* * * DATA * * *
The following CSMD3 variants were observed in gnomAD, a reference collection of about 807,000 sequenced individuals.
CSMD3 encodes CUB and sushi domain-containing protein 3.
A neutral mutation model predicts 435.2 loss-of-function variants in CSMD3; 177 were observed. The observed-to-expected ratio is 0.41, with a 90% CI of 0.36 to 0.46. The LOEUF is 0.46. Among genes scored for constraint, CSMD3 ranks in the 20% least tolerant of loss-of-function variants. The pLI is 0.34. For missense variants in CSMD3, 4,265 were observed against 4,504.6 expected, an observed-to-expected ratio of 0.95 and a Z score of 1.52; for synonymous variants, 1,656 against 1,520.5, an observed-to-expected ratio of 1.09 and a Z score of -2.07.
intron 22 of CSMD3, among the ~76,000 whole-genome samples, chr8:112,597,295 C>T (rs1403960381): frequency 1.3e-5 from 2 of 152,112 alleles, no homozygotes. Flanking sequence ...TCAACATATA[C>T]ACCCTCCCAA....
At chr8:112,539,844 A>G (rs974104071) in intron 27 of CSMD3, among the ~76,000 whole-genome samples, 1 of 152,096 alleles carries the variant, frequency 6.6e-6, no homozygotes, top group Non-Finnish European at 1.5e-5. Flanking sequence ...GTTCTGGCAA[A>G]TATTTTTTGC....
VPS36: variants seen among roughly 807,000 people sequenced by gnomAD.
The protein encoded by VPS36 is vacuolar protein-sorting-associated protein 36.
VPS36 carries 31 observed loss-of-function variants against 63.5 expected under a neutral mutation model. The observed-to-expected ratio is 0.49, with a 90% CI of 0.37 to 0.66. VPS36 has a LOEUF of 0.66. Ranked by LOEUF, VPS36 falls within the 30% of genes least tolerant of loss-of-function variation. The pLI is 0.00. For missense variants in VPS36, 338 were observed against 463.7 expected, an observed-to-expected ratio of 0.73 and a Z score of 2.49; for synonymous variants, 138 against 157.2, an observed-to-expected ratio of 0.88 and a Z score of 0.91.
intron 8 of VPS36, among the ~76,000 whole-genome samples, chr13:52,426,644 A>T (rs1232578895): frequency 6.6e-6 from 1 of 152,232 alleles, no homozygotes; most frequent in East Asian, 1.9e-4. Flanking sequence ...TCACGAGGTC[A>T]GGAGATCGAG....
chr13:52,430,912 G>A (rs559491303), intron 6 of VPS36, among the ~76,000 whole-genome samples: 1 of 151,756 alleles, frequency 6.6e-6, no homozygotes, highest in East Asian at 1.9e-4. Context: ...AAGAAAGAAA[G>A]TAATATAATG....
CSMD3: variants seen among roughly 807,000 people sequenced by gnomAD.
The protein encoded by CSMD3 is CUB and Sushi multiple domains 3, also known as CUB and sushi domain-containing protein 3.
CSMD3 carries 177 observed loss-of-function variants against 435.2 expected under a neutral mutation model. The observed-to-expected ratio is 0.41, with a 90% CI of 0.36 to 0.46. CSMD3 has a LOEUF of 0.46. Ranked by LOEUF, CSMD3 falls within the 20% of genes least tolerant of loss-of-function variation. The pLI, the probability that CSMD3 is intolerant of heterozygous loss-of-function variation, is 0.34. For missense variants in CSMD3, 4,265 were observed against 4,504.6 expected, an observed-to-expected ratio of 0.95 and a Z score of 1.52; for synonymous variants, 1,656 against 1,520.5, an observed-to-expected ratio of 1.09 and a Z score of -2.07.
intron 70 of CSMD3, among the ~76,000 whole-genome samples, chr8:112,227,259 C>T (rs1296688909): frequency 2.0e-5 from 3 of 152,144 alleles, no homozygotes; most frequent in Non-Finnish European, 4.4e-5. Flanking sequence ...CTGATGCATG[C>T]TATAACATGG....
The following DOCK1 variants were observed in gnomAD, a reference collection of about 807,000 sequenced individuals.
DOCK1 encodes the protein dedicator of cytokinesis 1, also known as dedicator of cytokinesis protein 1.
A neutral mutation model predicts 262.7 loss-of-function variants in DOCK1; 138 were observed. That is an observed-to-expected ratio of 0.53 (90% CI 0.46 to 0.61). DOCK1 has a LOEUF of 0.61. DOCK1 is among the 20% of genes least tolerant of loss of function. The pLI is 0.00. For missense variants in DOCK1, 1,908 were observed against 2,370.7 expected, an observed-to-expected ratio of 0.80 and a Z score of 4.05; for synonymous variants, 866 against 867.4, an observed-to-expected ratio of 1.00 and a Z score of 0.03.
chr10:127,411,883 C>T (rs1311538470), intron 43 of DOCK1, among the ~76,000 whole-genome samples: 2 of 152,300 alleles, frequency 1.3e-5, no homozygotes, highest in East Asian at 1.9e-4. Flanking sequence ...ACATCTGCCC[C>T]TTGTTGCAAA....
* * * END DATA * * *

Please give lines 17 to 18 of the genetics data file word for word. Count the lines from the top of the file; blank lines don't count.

A neutral mutation model predicts 262.7 loss-of-function variants in DOCK1; 138 were observed. That is an observed-to-expected ratio of 0.53 (90% CI 0.46 to 0.61). DOCK1 has a LOEUF of 0.61. DOCK1 is among the 20% of genes least tolerant of loss of function. The pLI is 0.00. For missense variants in DOCK1, 1,908 were observed against 2,370.7 expected, an observed-to-expected ratio of 0.80 and a Z score of 4.05; for synonymous variants, 866 against 867.4, an observed-to-expected ratio of 1.00 and a Z score of 0.03.
chr10:127,411,883 C>T (rs1311538470), intron 43 of DOCK1, among the ~76,000 whole-genome samples: 2 of 152,300 alleles, frequency 1.3e-5, no homozygotes, highest in East Asian at 1.9e-4. Flanking sequence ...ACATCTGCCC[C>T]TTGTTGCAAA....